"I can't believe..."
"The concept of Flat Earth. I can't believe people are still stuck in the seventeenth century and still believe in that crap and try to defend it with their misunderstandings of science and physics, as well as pure ignorance."
People believe the most ridiculous things.
"They exist solely..."
"Torture devices. They exist solely to cause harm."
"How am I going to pay you..."
"Overdraft fees. How am I going to pay you EXTRA money when I don't have money?!"
Human beings are capable of so much innovation, beauty, and joy, but threads like these remind us of all the horrors in the world. There's a lot of darkness in humans, too.
Have some of your own contributions to share? Feel free to tell us about them in the comments below!
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Homelessness is an unfortunate and all-too-common occurrence in the world, particularly in the United States. Homelessness has grown to a huge degree, and while most countries have the resources to help their homeless, many choose not to.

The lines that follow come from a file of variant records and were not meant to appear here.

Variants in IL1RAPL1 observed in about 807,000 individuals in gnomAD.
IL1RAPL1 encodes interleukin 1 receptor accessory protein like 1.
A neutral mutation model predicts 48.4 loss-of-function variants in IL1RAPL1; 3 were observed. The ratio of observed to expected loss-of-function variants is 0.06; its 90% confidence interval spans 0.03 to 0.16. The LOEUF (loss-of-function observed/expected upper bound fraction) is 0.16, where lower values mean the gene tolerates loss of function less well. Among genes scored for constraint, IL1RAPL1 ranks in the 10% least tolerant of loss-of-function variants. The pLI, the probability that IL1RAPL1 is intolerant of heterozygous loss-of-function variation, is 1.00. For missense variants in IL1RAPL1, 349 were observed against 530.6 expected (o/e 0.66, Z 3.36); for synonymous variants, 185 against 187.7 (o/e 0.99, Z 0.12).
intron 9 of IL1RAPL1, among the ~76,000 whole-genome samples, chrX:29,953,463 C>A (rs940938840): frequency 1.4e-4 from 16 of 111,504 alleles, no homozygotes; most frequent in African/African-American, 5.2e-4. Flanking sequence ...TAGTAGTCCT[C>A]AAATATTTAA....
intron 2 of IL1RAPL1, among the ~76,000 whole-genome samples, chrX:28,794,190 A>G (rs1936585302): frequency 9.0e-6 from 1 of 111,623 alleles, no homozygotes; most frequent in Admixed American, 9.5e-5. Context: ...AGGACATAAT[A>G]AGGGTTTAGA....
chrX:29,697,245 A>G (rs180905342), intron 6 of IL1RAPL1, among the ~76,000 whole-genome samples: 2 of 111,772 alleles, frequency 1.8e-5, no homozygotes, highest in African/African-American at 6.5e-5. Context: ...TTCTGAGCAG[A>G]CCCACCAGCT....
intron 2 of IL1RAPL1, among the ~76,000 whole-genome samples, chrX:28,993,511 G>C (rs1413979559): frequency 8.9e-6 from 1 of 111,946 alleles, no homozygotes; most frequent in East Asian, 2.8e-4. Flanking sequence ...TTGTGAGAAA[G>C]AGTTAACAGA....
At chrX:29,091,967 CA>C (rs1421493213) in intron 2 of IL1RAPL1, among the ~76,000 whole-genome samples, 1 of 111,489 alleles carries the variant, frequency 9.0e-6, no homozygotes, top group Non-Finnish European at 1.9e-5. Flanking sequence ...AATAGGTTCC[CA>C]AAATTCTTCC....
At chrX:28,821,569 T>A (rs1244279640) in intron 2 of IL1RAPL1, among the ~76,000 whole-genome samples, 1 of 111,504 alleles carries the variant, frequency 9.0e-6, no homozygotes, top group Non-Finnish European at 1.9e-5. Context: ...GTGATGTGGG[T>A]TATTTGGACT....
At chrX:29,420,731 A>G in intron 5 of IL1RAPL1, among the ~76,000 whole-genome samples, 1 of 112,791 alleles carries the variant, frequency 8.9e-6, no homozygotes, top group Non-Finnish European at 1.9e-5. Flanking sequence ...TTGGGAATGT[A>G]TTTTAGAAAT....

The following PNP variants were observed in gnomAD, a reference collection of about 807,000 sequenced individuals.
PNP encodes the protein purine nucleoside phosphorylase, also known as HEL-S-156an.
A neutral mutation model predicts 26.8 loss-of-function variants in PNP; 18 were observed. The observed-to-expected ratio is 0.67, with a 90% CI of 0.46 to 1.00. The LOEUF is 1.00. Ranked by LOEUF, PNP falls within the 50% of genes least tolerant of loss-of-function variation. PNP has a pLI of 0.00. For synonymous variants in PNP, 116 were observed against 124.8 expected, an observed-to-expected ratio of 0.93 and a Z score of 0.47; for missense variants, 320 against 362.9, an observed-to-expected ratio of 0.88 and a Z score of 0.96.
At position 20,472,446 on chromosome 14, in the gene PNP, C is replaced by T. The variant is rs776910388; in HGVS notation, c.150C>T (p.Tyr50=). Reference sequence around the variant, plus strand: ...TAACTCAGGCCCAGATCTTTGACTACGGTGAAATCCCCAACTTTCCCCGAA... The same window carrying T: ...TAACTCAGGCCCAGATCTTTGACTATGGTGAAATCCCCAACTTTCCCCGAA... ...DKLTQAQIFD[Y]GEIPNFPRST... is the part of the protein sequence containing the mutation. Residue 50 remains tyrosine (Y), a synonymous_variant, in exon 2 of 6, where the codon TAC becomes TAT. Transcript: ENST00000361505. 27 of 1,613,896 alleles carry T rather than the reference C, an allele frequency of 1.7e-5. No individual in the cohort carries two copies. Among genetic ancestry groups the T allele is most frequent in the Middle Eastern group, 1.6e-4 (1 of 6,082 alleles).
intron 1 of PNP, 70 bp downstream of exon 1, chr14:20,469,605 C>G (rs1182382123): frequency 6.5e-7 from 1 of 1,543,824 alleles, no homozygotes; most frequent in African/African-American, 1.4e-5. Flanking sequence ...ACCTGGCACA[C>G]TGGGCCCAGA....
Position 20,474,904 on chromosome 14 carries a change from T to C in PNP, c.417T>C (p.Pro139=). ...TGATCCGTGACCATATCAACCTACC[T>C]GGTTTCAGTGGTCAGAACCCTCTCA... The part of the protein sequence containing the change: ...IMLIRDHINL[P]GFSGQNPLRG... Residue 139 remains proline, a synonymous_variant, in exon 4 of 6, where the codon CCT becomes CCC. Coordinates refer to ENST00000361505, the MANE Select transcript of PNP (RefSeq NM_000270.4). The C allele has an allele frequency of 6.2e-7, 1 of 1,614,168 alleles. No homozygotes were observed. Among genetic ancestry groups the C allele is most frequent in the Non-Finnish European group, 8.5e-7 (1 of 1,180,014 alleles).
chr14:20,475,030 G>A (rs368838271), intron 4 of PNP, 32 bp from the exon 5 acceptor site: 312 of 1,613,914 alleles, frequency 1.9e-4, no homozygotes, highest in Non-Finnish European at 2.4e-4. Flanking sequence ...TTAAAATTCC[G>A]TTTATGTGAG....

It is also difficult to break the cycle of homelessness once you have entered it. It creates a never-ending loop of failed job searching, lost or stolen goods/items/things of value, and stigmatization by society. More often than not, homelessness is begotten by another condition wherein the state or country fails to provide resources--such as mental health.
"Ex homeless people, what are some things people don't know about the streets?"
Here were some of those answers.
A Sad Reality
"My stint on the streets was about six months and due to some bad decisions I made. But what sticks with me the most was the crushing boredom."
"No intellectual stimulus at all because it's safer to keep your distance from other homeless, and you're not going to have a chat with civilian out of the blue."
"So you're completely alone all the time. And to avoid putting yourself in risky situations you stay on the move as much as possible."